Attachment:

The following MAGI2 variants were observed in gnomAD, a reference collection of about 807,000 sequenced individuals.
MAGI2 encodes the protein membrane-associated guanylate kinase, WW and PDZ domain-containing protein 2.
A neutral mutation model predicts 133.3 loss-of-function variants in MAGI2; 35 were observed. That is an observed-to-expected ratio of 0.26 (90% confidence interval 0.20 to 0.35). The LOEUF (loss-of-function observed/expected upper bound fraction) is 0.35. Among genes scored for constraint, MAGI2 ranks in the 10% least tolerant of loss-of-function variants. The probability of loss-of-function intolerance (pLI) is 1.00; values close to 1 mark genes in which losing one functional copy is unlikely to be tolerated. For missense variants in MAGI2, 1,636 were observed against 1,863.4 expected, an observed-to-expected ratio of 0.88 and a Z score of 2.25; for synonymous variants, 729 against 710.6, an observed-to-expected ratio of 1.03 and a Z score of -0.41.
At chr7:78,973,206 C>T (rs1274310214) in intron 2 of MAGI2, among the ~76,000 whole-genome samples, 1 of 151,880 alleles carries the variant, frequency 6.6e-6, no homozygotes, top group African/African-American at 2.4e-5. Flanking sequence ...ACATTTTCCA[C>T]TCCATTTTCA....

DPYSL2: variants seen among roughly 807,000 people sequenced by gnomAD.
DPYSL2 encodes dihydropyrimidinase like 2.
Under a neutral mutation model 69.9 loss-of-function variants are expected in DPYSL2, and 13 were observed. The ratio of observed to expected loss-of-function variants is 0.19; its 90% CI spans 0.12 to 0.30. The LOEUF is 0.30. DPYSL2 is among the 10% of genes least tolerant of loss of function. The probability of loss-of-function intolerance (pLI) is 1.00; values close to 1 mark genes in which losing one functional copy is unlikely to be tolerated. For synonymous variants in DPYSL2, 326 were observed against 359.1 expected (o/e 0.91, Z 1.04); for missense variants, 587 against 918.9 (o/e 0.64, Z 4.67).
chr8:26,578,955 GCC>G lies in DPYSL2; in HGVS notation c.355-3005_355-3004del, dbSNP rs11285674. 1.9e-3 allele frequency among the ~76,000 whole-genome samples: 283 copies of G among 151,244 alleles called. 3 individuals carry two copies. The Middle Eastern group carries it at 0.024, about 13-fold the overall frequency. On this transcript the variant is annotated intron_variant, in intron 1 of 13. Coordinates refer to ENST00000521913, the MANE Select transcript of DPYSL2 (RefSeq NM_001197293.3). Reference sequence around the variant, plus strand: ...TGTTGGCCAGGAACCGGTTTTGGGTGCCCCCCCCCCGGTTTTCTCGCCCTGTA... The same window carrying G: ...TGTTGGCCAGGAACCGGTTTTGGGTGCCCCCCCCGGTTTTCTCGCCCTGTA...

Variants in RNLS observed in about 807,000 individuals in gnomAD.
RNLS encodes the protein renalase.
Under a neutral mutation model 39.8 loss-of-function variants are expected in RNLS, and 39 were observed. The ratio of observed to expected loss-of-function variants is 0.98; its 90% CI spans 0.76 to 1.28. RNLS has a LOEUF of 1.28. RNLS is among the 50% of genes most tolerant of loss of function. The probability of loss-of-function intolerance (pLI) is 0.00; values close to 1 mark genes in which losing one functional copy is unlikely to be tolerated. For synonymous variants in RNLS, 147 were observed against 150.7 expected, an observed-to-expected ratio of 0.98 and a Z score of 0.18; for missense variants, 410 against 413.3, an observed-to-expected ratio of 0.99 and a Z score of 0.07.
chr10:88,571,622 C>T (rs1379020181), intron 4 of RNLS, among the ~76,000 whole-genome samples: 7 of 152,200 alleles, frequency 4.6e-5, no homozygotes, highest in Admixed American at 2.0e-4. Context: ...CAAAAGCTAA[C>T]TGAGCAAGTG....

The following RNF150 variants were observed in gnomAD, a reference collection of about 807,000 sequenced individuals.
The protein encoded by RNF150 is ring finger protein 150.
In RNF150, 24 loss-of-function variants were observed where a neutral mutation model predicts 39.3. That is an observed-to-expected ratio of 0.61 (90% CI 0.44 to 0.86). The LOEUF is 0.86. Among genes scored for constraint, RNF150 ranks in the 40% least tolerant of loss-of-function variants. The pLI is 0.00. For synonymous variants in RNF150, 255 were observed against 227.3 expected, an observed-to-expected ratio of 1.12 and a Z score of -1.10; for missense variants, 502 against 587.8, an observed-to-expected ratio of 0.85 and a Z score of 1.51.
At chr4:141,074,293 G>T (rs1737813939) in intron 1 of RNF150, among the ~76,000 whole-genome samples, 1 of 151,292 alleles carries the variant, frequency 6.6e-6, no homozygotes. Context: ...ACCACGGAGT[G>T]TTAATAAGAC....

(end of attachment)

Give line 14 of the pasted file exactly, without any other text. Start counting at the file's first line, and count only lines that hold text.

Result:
The protein encoded by RNF150 is ring finger protein 150.